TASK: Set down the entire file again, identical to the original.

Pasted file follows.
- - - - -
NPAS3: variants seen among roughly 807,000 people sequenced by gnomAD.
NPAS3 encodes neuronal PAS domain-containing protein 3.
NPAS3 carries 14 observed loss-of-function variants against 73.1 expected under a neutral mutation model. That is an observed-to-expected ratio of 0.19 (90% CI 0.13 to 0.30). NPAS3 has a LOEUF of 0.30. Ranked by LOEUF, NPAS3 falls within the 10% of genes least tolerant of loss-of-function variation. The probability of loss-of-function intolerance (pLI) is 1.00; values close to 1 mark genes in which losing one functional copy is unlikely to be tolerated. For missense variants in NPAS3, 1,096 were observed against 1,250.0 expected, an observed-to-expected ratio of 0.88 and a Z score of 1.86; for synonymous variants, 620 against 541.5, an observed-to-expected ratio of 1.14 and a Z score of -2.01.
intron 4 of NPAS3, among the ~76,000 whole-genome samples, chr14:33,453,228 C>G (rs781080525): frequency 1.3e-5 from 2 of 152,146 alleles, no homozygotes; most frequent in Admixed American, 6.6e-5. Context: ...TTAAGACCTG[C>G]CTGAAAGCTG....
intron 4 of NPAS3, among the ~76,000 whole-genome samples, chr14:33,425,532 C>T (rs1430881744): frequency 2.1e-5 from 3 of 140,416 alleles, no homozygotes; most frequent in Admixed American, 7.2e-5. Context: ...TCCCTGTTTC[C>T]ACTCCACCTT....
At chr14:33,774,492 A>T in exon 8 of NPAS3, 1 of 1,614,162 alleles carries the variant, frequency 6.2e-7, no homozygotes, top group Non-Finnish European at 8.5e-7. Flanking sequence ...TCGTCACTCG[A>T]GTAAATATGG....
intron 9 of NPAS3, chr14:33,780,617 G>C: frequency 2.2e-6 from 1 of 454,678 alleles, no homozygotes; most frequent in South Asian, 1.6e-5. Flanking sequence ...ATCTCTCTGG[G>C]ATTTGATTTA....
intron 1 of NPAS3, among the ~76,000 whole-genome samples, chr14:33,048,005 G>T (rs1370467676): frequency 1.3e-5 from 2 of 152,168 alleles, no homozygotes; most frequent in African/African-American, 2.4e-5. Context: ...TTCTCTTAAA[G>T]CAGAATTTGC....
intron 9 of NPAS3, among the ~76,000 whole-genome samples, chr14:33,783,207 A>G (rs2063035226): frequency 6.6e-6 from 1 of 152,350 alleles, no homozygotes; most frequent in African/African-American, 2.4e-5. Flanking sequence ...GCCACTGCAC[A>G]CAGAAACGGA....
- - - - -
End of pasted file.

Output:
NPAS3: variants seen among roughly 807,000 people sequenced by gnomAD.
NPAS3 encodes neuronal PAS domain-containing protein 3.
NPAS3 carries 14 observed loss-of-function variants against 73.1 expected under a neutral mutation model. That is an observed-to-expected ratio of 0.19 (90% CI 0.13 to 0.30). NPAS3 has a LOEUF of 0.30. Ranked by LOEUF, NPAS3 falls within the 10% of genes least tolerant of loss-of-function variation. The probability of loss-of-function intolerance (pLI) is 1.00; values close to 1 mark genes in which losing one functional copy is unlikely to be tolerated. For missense variants in NPAS3, 1,096 were observed against 1,250.0 expected, an observed-to-expected ratio of 0.88 and a Z score of 1.86; for synonymous variants, 620 against 541.5, an observed-to-expected ratio of 1.14 and a Z score of -2.01.
intron 4 of NPAS3, among the ~76,000 whole-genome samples, chr14:33,453,228 C>G (rs781080525): frequency 1.3e-5 from 2 of 152,146 alleles, no homozygotes; most frequent in Admixed American, 6.6e-5. Context: ...TTAAGACCTG[C>G]CTGAAAGCTG....
intron 4 of NPAS3, among the ~76,000 whole-genome samples, chr14:33,425,532 C>T (rs1430881744): frequency 2.1e-5 from 3 of 140,416 alleles, no homozygotes; most frequent in Admixed American, 7.2e-5. Context: ...TCCCTGTTTC[C>T]ACTCCACCTT....
At chr14:33,774,492 A>T in exon 8 of NPAS3, 1 of 1,614,162 alleles carries the variant, frequency 6.2e-7, no homozygotes, top group Non-Finnish European at 8.5e-7. Flanking sequence ...TCGTCACTCG[A>T]GTAAATATGG....
intron 9 of NPAS3, chr14:33,780,617 G>C: frequency 2.2e-6 from 1 of 454,678 alleles, no homozygotes; most frequent in South Asian, 1.6e-5. Flanking sequence ...ATCTCTCTGG[G>C]ATTTGATTTA....
intron 1 of NPAS3, among the ~76,000 whole-genome samples, chr14:33,048,005 G>T (rs1370467676): frequency 1.3e-5 from 2 of 152,168 alleles, no homozygotes; most frequent in African/African-American, 2.4e-5. Context: ...TTCTCTTAAA[G>T]CAGAATTTGC....
intron 9 of NPAS3, among the ~76,000 whole-genome samples, chr14:33,783,207 A>G (rs2063035226): frequency 6.6e-6 from 1 of 152,350 alleles, no homozygotes; most frequent in African/African-American, 2.4e-5. Flanking sequence ...GCCACTGCAC[A>G]CAGAAACGGA....